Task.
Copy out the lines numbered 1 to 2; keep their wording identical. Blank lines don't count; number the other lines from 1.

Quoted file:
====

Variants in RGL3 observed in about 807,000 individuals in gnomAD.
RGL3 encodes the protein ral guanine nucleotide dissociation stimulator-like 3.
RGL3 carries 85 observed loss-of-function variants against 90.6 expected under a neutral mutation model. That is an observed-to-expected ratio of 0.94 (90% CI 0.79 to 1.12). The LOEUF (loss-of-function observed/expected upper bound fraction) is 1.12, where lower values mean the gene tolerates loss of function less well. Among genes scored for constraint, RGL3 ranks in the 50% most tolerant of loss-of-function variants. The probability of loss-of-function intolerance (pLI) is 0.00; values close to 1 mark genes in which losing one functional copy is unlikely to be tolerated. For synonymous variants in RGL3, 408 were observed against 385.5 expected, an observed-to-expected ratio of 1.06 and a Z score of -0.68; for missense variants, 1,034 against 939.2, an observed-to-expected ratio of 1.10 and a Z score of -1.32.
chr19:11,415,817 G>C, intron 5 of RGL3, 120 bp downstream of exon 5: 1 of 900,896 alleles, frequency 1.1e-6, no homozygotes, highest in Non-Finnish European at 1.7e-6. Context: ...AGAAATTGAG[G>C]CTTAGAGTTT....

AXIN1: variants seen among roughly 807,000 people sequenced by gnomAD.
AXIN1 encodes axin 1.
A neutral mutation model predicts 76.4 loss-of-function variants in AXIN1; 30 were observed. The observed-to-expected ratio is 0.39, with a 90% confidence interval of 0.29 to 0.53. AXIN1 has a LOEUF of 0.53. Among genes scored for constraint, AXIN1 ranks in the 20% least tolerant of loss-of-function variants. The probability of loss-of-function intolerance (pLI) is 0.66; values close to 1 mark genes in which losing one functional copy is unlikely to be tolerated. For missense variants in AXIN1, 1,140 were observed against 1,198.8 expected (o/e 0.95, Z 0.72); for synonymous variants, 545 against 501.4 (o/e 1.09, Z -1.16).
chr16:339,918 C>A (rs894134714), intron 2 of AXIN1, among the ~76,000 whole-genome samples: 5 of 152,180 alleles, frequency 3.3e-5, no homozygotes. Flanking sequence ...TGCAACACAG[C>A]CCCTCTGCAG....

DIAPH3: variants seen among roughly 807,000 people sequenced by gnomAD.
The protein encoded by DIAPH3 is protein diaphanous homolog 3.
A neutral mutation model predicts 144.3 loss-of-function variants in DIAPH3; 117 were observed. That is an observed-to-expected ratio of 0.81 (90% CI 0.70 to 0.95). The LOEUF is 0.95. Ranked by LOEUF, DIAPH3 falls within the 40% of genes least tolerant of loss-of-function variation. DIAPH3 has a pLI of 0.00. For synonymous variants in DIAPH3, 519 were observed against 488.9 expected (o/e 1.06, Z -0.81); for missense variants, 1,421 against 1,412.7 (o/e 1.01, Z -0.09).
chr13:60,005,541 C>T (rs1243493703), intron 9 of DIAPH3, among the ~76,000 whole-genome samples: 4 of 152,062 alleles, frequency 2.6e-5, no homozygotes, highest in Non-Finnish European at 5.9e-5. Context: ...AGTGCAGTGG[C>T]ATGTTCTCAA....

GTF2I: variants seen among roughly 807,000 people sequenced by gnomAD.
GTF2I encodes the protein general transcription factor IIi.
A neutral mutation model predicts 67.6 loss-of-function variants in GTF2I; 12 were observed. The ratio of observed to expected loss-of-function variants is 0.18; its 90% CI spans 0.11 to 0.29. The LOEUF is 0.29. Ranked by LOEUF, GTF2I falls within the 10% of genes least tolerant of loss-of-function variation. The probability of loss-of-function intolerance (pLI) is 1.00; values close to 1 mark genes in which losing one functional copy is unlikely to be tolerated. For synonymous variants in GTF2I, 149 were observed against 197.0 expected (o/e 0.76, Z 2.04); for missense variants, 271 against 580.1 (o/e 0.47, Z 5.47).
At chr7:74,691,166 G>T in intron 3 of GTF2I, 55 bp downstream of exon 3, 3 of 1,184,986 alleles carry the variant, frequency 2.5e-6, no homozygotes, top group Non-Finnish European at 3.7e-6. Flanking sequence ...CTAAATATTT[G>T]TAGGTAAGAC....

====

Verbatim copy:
Variants in RGL3 observed in about 807,000 individuals in gnomAD.
RGL3 encodes the protein ral guanine nucleotide dissociation stimulator-like 3.